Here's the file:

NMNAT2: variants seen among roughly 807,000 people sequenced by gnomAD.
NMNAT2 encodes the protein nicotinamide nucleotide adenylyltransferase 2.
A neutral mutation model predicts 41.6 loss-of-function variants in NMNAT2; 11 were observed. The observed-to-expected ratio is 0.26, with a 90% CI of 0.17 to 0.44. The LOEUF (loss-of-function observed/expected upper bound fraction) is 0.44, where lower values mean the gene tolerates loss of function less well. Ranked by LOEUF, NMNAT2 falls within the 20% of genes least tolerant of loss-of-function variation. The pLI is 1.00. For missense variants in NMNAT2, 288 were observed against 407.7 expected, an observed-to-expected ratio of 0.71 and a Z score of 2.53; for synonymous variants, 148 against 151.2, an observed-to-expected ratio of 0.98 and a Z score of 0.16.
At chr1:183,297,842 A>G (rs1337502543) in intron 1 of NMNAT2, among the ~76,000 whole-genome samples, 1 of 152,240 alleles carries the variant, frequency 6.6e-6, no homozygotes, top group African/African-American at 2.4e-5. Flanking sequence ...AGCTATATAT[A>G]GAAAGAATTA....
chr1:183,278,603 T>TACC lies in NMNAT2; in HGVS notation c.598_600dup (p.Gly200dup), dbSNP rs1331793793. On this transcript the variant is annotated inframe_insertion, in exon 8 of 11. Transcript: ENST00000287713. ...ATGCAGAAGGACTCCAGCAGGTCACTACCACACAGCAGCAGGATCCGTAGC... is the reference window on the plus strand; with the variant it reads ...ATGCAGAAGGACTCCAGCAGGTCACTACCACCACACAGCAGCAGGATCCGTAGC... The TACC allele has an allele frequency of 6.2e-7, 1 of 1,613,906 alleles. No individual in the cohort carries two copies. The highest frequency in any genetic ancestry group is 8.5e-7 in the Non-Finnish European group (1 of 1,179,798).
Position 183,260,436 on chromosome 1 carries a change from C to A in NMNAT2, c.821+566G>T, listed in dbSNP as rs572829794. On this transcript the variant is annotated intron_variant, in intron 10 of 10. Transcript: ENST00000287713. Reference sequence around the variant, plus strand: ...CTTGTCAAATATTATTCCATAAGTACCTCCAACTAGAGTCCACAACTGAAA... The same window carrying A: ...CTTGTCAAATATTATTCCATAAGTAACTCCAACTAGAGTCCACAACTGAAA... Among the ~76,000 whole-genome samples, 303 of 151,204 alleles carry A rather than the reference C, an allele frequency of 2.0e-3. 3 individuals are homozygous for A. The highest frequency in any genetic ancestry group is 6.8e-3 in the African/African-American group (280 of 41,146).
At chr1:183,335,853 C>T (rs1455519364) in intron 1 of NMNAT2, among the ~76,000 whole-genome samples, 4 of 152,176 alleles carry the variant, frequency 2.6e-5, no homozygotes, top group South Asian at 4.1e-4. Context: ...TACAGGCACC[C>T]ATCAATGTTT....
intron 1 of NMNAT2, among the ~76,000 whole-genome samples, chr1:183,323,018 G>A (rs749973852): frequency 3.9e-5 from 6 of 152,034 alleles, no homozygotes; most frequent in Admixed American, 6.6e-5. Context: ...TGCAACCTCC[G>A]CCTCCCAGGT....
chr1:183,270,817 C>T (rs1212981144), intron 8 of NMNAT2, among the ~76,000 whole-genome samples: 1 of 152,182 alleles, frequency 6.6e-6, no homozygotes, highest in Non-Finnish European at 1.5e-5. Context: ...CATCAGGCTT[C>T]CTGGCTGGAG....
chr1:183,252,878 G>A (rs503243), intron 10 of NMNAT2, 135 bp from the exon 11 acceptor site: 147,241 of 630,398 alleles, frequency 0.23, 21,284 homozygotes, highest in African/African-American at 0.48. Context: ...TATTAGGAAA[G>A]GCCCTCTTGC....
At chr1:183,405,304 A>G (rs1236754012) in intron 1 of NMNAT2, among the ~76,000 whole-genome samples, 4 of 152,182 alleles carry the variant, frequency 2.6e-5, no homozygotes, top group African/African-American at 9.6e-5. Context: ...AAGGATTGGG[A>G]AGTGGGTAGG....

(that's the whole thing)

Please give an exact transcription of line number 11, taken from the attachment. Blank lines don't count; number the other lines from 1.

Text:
At chr1:183,405,304 A>G (rs1236754012) in intron 1 of NMNAT2, among the ~76,000 whole-genome samples, 4 of 152,182 alleles carry the variant, frequency 2.6e-5, no homozygotes, top group African/African-American at 9.6e-5. Context: ...AAGGATTGGG[A>G]AGTGGGTAGG....